The best laid schemes of mice and men, go oft awry where I'm concerned. Another big day planned, four peaks in the Dixville area, cleaning up a couple easy peaks we couldn't get a few weeks ago, and two more to round out the day. And lots of logging road driving. So again we headed up Corser Brook Road, trying to get as close to Rice Mountain as possible. We turned on South Valley Brook road, made another turn, and came up short of our destination by ½ mile. The road we wanted was all bermed up. Ah well, a little extra road walk won't be so bad. The forecast was sketchy today, with showers, but improving, and there was a low overcast and light drizzle when we started. But the fall colors were in great shape up here, providing a lovely backdrop.
We came to the end and continued south along logging cuts which would bring us to nearly 3000 feet. The grass was chest high, and the footing tricky, so we eventually entered the woods, which was much better going, and headed up. The woods stayed wide open, but some steep spots slowed us down. This is about the worst woods we saw all day:
On the plateau, it turned out this was a bumpy little bugger, and with each bump I topped out on, I kept seeing higher ground elsewhere. Climb, spot, climb, spot, etc. etc. Good grief. We finally found the high point, and took a little break. OK, lots to do, we headed out more directly to the car this time, and again, just kept finding wide open woods, one of the joys of the North Country (in general...).
We hit the brook near the logging cut and could see the road across it. This was tricker crossing than expected, with plenty of muck and hidden obstacles. Just as we got down, the rain started. Sigh. Why does it always rain on us here? Well, ok, we're only 2 for 2. Next up Cave. Taking a turn near Four Mile Brook Road, we took a wrong turn soon and found ourselves going north, nor west. Backtracked and found our error. Crap, this road doesn't look good. Rocky and a little overgrown. And in only a few hundred feet it was overgrown. Dammit! Way too far to walk from here, time to go to N. Crystal. Now we found Four Mile Brook Road washed up over a mile from our intended parking spot. That also meant an extra 2 miles round trip for W. Tucker. Sigh. Fortunately, my map had a road leading right from here to near N. Crystal, so we took that and found a wall of dirt 10 feet high.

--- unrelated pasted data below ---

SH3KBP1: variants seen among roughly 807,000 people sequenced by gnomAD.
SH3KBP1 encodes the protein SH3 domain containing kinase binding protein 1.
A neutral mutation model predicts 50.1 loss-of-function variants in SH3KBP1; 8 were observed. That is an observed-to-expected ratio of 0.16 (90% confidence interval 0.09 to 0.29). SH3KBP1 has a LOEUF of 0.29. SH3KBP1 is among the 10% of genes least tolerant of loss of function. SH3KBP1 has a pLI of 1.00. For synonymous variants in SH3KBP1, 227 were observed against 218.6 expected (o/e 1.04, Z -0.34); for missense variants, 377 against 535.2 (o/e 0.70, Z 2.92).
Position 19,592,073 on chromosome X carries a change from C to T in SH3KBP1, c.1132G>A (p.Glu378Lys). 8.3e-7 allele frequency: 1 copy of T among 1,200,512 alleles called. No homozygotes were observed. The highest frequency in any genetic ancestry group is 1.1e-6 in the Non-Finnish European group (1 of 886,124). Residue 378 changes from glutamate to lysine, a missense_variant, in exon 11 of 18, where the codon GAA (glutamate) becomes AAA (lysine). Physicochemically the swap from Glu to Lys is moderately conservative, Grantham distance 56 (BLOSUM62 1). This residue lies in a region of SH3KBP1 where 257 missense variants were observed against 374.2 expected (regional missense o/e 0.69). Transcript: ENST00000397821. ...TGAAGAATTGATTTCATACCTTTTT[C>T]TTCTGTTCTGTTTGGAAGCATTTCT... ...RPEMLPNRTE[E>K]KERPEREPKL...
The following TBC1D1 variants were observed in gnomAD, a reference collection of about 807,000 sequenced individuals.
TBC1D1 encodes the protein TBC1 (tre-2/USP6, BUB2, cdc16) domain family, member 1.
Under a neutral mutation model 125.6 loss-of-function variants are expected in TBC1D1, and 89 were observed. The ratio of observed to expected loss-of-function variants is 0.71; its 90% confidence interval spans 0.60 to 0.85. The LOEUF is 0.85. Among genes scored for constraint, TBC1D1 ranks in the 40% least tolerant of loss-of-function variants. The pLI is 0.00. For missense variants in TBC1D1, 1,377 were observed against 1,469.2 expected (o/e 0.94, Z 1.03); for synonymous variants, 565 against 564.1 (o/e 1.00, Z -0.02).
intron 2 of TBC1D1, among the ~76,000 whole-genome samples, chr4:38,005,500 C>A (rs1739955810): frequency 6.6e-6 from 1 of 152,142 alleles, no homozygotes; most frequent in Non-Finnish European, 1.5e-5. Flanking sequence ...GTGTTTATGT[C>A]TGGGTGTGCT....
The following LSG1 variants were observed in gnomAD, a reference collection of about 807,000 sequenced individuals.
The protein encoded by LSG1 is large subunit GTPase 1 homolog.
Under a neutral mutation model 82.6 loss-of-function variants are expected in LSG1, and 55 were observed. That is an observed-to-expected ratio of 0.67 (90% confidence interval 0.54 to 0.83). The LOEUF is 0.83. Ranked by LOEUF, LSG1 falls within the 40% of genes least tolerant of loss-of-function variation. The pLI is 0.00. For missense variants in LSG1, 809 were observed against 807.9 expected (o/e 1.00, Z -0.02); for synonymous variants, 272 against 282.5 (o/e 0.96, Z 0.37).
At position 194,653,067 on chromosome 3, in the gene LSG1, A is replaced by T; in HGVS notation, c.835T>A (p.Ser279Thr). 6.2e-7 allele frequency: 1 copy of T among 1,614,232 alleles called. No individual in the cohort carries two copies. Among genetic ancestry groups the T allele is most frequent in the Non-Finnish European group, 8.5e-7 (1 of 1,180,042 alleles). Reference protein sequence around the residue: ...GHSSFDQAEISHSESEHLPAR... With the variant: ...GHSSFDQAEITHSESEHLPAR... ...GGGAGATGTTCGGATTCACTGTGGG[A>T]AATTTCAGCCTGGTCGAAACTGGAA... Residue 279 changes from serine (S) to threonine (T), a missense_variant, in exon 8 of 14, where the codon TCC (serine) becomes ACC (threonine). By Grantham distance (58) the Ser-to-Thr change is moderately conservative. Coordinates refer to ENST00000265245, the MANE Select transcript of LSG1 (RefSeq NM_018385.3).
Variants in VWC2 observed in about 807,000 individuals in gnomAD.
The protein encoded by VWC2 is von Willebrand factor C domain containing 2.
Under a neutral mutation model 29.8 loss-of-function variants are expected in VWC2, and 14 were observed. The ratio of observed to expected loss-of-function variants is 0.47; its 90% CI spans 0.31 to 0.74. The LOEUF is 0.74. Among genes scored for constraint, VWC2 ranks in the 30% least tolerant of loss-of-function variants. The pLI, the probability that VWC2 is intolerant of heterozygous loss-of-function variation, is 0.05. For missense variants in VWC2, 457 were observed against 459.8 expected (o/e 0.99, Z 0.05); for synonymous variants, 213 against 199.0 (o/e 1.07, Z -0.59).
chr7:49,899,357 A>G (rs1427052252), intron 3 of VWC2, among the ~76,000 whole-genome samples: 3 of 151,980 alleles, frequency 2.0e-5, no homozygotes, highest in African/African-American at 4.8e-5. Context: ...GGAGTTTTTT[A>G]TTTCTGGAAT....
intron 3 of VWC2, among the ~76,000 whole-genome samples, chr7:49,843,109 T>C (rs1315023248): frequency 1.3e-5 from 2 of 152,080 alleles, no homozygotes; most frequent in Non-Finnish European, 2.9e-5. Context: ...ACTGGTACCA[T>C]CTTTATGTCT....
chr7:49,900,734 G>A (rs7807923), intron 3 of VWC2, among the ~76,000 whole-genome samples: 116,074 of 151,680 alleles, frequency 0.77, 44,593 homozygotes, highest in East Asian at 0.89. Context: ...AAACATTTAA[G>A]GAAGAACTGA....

I could see a path off to the left, but didn't know it looped in the right direction (we would find that out on the way back). So in a case of bad decisions, I went up the wall, where Brian smashed his nuts topping out. Break time. Well, his voice was still low, so we pressed on along more logging cuts, and then into the woods, skirting anything sketchy, staying in open woods. Legs were a bit tired now, but we pressed on slopes of varying steepness.
The rain stopped, which was good, as I was sweating on this warm and humid day in rain gear, so off came the jacket. There was probably a puff of steam as I took it off. The summit area is a carpet of green moss, the greenest summit I've ever seen. More bump hunting, but this one went quicker and we found the high point. As a bonus, the sun came out.
We headed down, and I was still hoping to hit W. Tucker. The trip down was uneventful, and we found and followed another cut leading in the right direction.
And this of course led us to the path which brought us right to the car, avoiding the ball-busting headwall. It was now 3:00, and W. Tucker was a 4.5 mile hike. We could do it, but wouldn't be out until 6:00. Well, we gotta come back for Cave anyways, and the yumminess of Scorpio's called to us. So, getting all of Brian and my peaks north of Rt. 26 would have to wait for a couple of weeks or so. C'est la vie. Our bonus today was the clouds lifted enough to get this spectacular view from Corser Brook Road. Damn, I love this area.